In French politics, an ordonnance (French: [d?ns] , "order") is a statutory instrument issued by the Council of Ministers in an area of law normally reserved for primary legislation enacted by the French Parliament. They function as temporary statutes pending ratification by the Parliament; failing ratification they function as mere executive regulations.
Ordonnances should not be confused with décrets issued by the prime minister (an order-in-council) or president, or with ministerial orders (arrêtés); these are issued either in matters where the Constitution allows primary legislation from the Council or as secondary legislation implementing a statute.
In the French justice system, the word can also refer to a summary ruling made by a single judge for simple cases.
Article 34 of the Constitution of France restricts certain legal matters to primary legislation to be enacted by Parliament. All other areas of law fall within the domain of delegated legislation in the form of orders-in-council (OIC) issued by the Prime Minister or ministerial orders issued by individual cabinet ministers.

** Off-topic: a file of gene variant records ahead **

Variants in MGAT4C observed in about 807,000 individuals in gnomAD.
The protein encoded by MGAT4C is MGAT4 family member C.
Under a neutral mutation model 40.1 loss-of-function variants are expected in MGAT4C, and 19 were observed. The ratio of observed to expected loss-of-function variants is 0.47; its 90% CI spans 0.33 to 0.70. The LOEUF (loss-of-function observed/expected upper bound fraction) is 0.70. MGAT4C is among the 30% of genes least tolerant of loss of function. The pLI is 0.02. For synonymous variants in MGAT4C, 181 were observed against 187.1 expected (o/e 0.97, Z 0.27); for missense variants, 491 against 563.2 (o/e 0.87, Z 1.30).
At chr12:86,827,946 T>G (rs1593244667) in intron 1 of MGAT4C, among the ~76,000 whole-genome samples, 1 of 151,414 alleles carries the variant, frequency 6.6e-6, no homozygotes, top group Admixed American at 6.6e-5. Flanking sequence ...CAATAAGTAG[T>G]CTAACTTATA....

Orders-in-council and other delegated legislation issued in areas reserved for primary legislation are illegal, unless they are specifically authorized by statute. Such orders define implementation measures and details left out by the originating statute.
For various reasons explained below, the Executive may sometimes want to pass primary legislation in a field reserved by statute. The ordonnances are the constitutional means to do so.
Delegated legislation can be repealed through litigation before the Council of State (acting in their role of legislative review) if they violate general legal principles or constitutional rights, whereas primary legislation may be ruled unconstitutional only through judicial review before the Constitutional Council. Statutes are thus relatively more solid.
The decisions made by the French President under art. 16 of the French Constitution, enabling him to take emergency measures in times where the existence of the Republic is at stake (a form of reserve powers) are not called ordonnances, but simply décisions.